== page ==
8 2.8 16. oil and gas Utilities Construction Manufacturing Services-producing sector Trade Transportation and warehousing Finance.9 -10.3 -1.3 -0.1 4.0 21.9 1.6 2.4 -1.4 74.9 0. March 2013 New Brunswick Monthly Labour Force Statistics. Losses were concentrated outside the Saint John metropolitan area.7 -6. This is by far the highest rate in the province.4 23.7 0. However.6 -20.8 -1.9 4. this region had seen a sharp increase in employment in 2012.0 28.1 5.2 -0.5 25.8 -1.3 8.0 -5.New Brunswick.Labour Market Bulletin .4 -0.2 3.5 -12. all industries Goods-producing sector Agriculture Forestry.2 17.1 55. Retail sales have slowed in recent months. fishing.7 13. The Moncton—Richibucto economic region lost approximately 1.1 23.4 26.9 -1.4 -1.8 0.3 76.9 16.3 29.6 4.8 0.3 3.000 jobs. this region had experienced a difficult year in 2012.2 27.7 -0. The unemployment rate continued to grow in the region.0 -14.5 27.5 -0.8 -0. scientific and technical services Business.6 3.8 % 0.0 15.1 12.0 17.8 17.9 29. February’s employment level remains below that of February 2011.7 -7.1 0.5 Monthly Variation Number 2.6 76.7 12.0 28.4 17.1 15.7 22.3 51. mining.8 0. .500 unemployed workers. This region also experienced a difficult year in 2012.6 5.9 -0.8 3.3 1. culture and recreation Accommodation and food services Other services Public administration Note: Totals may not add due to rounding.5 2.0 -5. real estate and leasing Professional. However.7 0.7 0. Stephen economic region. all in the Moncton metropolitan area.9 15.7 10.4 27.9 3.2 5.6 -3.1 -0.0 1.7 276.2 -2.8 -3.7 14.9 16.3 54.1 -0.6 13.4 -0. with the addition of close to 2. The highest job losses were in the Saint John—St.4 7.0 24.4 % 0.0 55.2 0.2 13.1 January 2013 350.5 0. insurance.2 0.7 -10.6 3.0 16.4 0.5 -4. impacting the labour market. Only the Campbellton—Miramichi region saw higher employment in February 2013 than in February 2012.0 -0.8 57.1 0.8 4.1 15.8 2.0 -0.9 276.3 February 2012 352.0 15.7 56.8 0.9 15.6 25.1 3.2 26.8 REGIONAL ANALYSIS The weakness of the provincial economy is impacting all of the province’s economic regions.9 275. Source: Statistics Canada Labour Force Survey Page 4 February 2013 353. quarrying.1 2.1 1. The region has a large manufacturing sector and the economic situation of such trading partners as the United States is negatively impacting labour market growth. building and other support services Educational services Health care and social assistance Information.6 Yearly Variation Number 0.9 -0.8 15.1 22.9 2.2 5. by Industry Seasonally Adjusted Data ('000) Total employed.4 2. It is a diversified region and relies heavily on an impressive retail trade sector.5 12.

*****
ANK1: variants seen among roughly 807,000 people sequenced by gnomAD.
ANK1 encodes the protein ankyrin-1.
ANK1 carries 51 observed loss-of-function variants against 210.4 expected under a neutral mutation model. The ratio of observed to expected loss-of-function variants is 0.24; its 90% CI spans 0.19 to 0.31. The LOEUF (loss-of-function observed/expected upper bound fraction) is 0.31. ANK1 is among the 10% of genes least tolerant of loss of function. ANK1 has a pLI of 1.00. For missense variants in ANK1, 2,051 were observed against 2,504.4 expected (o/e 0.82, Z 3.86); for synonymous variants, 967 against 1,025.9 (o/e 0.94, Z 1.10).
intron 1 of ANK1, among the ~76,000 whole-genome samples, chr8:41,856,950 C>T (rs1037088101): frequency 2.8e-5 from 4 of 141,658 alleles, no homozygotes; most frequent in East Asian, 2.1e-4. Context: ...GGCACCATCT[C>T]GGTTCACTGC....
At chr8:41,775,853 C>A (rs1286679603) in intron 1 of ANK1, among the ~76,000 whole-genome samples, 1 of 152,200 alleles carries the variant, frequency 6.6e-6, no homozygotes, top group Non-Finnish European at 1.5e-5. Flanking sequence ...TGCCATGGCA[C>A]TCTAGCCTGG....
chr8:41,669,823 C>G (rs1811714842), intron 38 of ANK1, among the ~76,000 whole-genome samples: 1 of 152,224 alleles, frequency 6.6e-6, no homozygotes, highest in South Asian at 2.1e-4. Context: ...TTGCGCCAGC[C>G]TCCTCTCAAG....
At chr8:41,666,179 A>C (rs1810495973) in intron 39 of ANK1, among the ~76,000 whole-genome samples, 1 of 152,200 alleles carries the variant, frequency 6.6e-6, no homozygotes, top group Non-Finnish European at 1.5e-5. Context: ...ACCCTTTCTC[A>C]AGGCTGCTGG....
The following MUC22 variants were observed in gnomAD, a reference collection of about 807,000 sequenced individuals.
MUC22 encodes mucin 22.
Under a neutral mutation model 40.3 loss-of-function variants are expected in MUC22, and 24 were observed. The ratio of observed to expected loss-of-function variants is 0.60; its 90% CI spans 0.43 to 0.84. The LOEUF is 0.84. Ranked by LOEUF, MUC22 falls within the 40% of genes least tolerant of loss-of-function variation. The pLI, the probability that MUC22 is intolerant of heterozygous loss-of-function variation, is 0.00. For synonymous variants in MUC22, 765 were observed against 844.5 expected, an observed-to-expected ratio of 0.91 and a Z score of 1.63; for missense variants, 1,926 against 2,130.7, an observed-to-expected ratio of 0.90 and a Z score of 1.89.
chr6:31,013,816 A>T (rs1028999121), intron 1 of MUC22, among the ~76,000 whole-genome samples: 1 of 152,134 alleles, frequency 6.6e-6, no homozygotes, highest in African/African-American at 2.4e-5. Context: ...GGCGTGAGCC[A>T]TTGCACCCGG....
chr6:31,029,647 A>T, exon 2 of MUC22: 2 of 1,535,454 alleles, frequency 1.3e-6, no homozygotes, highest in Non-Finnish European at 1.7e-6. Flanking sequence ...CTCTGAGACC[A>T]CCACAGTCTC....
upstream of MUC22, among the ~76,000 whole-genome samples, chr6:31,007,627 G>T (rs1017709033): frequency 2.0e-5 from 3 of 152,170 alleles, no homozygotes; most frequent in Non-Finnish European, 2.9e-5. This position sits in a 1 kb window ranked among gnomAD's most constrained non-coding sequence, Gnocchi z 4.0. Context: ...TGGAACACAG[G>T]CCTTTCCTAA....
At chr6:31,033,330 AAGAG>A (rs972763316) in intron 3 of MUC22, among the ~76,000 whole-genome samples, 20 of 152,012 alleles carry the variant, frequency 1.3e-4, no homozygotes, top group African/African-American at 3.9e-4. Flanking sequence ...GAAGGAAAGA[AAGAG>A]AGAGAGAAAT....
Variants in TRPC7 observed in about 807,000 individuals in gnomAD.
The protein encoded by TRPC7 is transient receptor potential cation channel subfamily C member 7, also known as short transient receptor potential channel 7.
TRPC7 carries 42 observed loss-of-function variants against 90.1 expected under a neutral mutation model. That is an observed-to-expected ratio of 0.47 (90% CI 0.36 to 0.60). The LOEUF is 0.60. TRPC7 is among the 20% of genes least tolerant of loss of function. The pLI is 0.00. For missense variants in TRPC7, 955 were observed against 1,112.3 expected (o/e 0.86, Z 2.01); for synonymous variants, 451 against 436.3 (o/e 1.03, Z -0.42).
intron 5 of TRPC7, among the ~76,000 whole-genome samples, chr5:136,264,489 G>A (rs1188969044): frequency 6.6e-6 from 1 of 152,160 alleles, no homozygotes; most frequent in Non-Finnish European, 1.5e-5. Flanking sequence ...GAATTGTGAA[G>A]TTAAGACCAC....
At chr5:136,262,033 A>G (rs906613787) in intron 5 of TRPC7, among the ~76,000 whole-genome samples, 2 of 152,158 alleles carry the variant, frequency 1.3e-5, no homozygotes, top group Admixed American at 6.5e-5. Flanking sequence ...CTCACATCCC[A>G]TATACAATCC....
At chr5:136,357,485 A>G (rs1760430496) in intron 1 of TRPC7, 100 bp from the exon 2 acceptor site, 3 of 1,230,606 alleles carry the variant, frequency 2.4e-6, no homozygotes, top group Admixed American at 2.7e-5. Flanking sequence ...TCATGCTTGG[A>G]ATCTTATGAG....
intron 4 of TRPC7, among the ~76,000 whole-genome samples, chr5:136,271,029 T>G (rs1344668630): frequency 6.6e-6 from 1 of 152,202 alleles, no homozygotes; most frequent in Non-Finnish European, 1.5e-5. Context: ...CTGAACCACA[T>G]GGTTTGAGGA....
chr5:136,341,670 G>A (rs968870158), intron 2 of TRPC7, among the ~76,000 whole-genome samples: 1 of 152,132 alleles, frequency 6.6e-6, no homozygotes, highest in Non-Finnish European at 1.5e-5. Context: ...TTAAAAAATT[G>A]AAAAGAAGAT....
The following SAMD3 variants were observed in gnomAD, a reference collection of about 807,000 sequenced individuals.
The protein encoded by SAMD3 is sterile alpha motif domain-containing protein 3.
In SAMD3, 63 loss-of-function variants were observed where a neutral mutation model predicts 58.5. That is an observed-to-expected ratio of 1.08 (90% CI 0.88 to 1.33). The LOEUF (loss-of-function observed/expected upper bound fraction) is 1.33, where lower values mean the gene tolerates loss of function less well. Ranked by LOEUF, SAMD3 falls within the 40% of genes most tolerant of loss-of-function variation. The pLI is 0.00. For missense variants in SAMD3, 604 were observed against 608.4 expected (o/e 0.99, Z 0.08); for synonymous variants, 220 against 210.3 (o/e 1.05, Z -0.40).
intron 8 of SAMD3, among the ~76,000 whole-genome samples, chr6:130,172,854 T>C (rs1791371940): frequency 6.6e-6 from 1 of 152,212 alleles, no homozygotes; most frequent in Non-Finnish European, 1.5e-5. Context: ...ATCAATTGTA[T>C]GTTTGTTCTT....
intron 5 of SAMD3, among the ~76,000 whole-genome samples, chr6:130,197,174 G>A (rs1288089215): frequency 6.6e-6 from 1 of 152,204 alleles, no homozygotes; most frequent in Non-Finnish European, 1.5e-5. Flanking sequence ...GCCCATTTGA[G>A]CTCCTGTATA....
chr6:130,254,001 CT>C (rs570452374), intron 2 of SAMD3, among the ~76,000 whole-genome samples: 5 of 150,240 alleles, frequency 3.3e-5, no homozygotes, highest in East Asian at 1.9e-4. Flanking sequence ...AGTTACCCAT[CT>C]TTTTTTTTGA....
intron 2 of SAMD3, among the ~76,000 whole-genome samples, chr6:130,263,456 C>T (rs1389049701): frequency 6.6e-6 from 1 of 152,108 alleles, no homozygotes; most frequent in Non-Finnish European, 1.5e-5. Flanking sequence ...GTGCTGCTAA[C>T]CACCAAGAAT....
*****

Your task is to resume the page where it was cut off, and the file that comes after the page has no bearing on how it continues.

9 1.4 18.8 0.1 February 2012 ('000) 10.3 8. Users are encouraged to also refer to other sources for additional information on the local economy and labour market.Labour Market Bulletin . the authors have taken care to provide clients with labour market information that is timely and accurate at the time of publication. the population continued to decline. adding to the region’s losses over the past two years.gc.6 11.gc. please visit the Statistics Canada Web site at: www.2 16. Source: Statistics Canada Labour Force Survey Unemployment Rate Yearly Variation (%) -0.8 56. Information contained in this document does not necessarily reflect official policies of Human Resources and Skills Development Canada. New Brunswick For further information. New Brunswick Monthly Labour Force Statistics. by Economic Region Employment 3-Month Moving Averages Seasonally Unadjusted Data New Brunswick Economic Regions Campbellton—Miramichi Moncton—Richibucto Saint John—St.2 2. The number of jobs fell at a slightly slower rate than the population and there was some improvement in the employment rate.0 10.9 -1.8 82.9 34.5 -1. Cutbacks in the public administration sector have impacted the labour market in the provincial capital region. some of the information presented here may have changed since this document was published.7 64.9 -1.1 8. Since labour market conditions are dynamic.2 58.ca .ca For information on the Labour Force Survey.9 81.0 February 2013 ('000) 340.1 February 2012 ('000) 342.5 -0.6 -0.8 2. March 2013 Page 5 The Fredericton—Oromocto region continued to post job losses in February.3 102. However. unemployment was still up in the region.1 Yearly Variation (% points) 1. Prepared by: Labour Market Information (LMI) Division.6 9.1 1.statcan.New Brunswick.5 12.8 8.9 8.9 34.4 February 2013 ('000) 11. please contact the LMI team at: lmi-imt@workingincanada.1 63.9 103.6 Note: In preparing this document. Stephen Fredericton—Oromocto Edmundston—Woodstock Note: Totals may not add due to rounding. In the Edmundston—Woodstock region.